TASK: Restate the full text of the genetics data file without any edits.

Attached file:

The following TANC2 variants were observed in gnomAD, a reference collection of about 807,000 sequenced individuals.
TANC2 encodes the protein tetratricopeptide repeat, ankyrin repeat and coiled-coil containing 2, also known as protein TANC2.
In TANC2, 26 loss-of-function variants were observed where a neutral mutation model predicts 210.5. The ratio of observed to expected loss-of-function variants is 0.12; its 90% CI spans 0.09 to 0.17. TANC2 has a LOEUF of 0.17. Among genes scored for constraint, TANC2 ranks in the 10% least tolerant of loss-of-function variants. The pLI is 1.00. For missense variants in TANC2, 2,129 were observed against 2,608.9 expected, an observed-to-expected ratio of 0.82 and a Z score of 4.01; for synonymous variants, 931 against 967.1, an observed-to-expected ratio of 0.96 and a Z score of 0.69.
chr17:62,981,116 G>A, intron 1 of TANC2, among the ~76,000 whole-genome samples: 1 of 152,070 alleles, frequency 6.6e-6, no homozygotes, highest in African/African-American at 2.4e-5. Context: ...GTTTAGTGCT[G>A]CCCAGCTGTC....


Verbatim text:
The following TANC2 variants were observed in gnomAD, a reference collection of about 807,000 sequenced individuals.
TANC2 encodes the protein tetratricopeptide repeat, ankyrin repeat and coiled-coil containing 2, also known as protein TANC2.
In TANC2, 26 loss-of-function variants were observed where a neutral mutation model predicts 210.5. The ratio of observed to expected loss-of-function variants is 0.12; its 90% CI spans 0.09 to 0.17. TANC2 has a LOEUF of 0.17. Among genes scored for constraint, TANC2 ranks in the 10% least tolerant of loss-of-function variants. The pLI is 1.00. For missense variants in TANC2, 2,129 were observed against 2,608.9 expected, an observed-to-expected ratio of 0.82 and a Z score of 4.01; for synonymous variants, 931 against 967.1, an observed-to-expected ratio of 0.96 and a Z score of 0.69.
chr17:62,981,116 G>A, intron 1 of TANC2, among the ~76,000 whole-genome samples: 1 of 152,070 alleles, frequency 6.6e-6, no homozygotes, highest in African/African-American at 2.4e-5. Context: ...GTTTAGTGCT[G>A]CCCAGCTGTC....